Provided by: libxml-smart-perl_1.78-2_all bug


       XML::Smart::FAQ - Frequently Asked Questions about XML::Smart.


       This is the Frequently Asked Questions list for XML::Smart.


       For new questions send an e-mail to the author, but please, read first all the F.A.Q.

   Do I need to install XML::Parser to can use XML::Smart?
       No! XML::Smart already comes with 2 independent parsers, XML::Smart::Parser and

       If XML::Parser is found XML::Smart will use it by default, and the 2nd options will be

       Note that for complex parsing XML::Parser is recommended, but XML::Smart::Parser will work
       fine too.

   What is the best version of XML::Smart to install?
       Is always the last! Always take a look for new versions before aks for help on XML::Smart.

       Note that internally XML::Smart is complex, since the main idea of it is to remove the
       complexity from the hand of the programmer.  Actually the idea is to enable the Perl
       programmer to use and create XML data without really know the XML format.

   Where can I learn about XML?

   How to apply a DTD to a XML::Smart object tree?
       Take a look in the method apply_dtd(). Example of use:

         <!DOCTYPE cds [
         <!ELEMENT cds (album+)>
         <!ATTLIST cds
                   creator  CDATA
                   date     CDATA #REQUIRED
         <!ELEMENT album (artist , tracks+)>
         <!ELEMENT artist (#PCDATA)>
         <!ELEMENT tracks (#PCDATA)>

       This will format automatically elements, attributes, etc...

   How XML::Smart works?
       To create XML::Smart, first I have created the module Object::MultiType.  With it you can
       have an object that works at the same time as a HASH, ARRAY, SCALAR, CODE & GLOB. So you
       can do things like this with the same object:

         $obj = Object::MultiType->new() ;

         $obj->{key} ;
         $obj->[0] ;
         $obj->method ;

         @l = @{$obj} ;
         %h = %{$obj} ;

         &$obj(args) ;

         print $obj "send data\n" ;

       Seems to be crazy, and can be more if you use tie() inside it, and this is what XML::Smart

       For XML::Smart, the access in the Hash and Array way paste through tie(). In other words,
       you have a tied HASH and tied ARRAY inside it. This tied Hash and Array work together, soo
       you can access a Hash key as the index 0 of an Array, or access an index 0 as the Hash

         %hash = (
         key => ['a','b','c']
         ) ;

         $hash->{key}    ## return $hash{key}[0]
         $hash->{key}[0] ## return $hash{key}[0]
         $hash->{key}[1] ## return $hash{key}[1]

         ## Inverse:

         %hash = ( key => 'a' ) ;

         $hash->{key}    ## return $hash{key}
         $hash->{key}[0] ## return $hash{key}
         $hash->{key}[1] ## return undef

       The best thing of this new resource is to avoid wrong access to the data and warnings when
       you try to access a Hash having an Array (and the inverse). Thing that generally make the
       script die().

       Once having an easy access to the data, you can use the same resource to create data!  For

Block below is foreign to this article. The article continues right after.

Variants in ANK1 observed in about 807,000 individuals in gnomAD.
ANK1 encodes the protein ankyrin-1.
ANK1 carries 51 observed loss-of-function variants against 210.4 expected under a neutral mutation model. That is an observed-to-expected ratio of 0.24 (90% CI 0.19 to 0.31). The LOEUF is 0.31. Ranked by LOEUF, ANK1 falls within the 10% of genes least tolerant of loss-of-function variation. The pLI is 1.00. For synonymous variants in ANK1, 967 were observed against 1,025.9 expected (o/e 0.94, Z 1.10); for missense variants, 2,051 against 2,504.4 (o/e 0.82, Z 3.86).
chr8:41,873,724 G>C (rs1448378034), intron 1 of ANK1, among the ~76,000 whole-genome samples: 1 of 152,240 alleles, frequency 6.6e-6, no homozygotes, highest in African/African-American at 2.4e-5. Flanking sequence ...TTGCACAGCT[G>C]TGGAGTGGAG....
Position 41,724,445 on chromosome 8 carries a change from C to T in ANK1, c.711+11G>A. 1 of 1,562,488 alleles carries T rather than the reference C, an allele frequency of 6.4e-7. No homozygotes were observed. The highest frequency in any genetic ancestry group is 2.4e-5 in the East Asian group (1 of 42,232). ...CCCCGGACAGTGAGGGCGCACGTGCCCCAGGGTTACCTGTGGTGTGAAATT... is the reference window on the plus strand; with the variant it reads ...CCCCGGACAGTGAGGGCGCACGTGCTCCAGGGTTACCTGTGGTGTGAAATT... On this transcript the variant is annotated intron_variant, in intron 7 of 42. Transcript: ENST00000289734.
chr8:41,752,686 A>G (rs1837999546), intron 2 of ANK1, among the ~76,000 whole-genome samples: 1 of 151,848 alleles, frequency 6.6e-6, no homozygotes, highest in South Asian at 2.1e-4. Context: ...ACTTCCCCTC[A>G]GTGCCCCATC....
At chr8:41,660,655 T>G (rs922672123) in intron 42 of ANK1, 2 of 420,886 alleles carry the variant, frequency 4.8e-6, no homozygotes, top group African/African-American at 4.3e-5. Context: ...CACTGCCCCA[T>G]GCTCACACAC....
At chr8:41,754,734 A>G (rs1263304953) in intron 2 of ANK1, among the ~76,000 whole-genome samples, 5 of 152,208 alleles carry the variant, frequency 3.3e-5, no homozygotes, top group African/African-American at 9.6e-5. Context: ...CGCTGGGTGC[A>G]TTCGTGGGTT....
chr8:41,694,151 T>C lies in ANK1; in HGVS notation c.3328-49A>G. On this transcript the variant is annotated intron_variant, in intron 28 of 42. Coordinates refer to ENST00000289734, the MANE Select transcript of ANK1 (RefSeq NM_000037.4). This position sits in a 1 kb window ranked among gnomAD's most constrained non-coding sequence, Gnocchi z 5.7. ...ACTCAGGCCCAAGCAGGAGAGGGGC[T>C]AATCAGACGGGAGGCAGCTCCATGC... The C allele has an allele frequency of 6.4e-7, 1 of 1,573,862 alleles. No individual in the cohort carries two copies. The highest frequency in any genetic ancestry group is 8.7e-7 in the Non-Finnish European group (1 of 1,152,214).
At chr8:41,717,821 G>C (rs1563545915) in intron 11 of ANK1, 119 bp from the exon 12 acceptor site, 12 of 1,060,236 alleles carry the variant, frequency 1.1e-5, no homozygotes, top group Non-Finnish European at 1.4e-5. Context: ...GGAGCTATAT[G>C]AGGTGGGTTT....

## Previous data:
           <server address="" os="linux" type="conectiva" version="9.0"/>

         ## Now you have {address} as a normal key with a string inside:

         ## And to add a new address, the key {address} need to be an ARRAY ref!
         ## So, XML::Smart make the convertion: ;-P
         $XML->{hosts}{server}{address}[1] = '' ;

         ## Adding to a list that you don't know the size:
         push(@{$XML->{hosts}{server}{address}} , '') ;

         ## The data now:
           <server os="linux" type="conectiva" version="9.0"/>

       Than after changing your XML tree using the Hash and Array resources you just get the data
       remade (through the Hash tree inside the object):

         my $xmldata = $XML->data ;

       But note that XML::Smart always return an object! Even when you get a final key. So this
       actually returns another object, pointhing (inside it) to the key:

         $addr = $XML->{hosts}{server}{address}[0] ;

         ## Since $addr is an object you can TRY to access more data:
         $addr->{foo}{bar} ; ## This doens't make warnings! just return UNDEF.

         ## But you can use it like a normal SCALAR too:

         print "$addr\n" ;

         $addr .= ':80' ; ## After this $addr isn't an object any more, just a SCALAR!

   When I generate the XML data new lines (\n) are added to the content!
       You should use the options for the method data() and save() to not add identation to the
       generated data:

         $XML->data( noident => 1 ) ;

         ## or better:

         $XML->data( nospace => 1 ) ;

   Your question is not here?
       Just send me an e-mail. ;-P


       Graciliano M. P. <>

       I will appreciate any type of feedback (include your opinions and/or suggestions). ;-P

       Enjoy and thanks for who are enjoying this tool and have sent e-mails! ;-P


       This document was written in ePod (easy-POD), than converted to POD, and from here you
       know the way.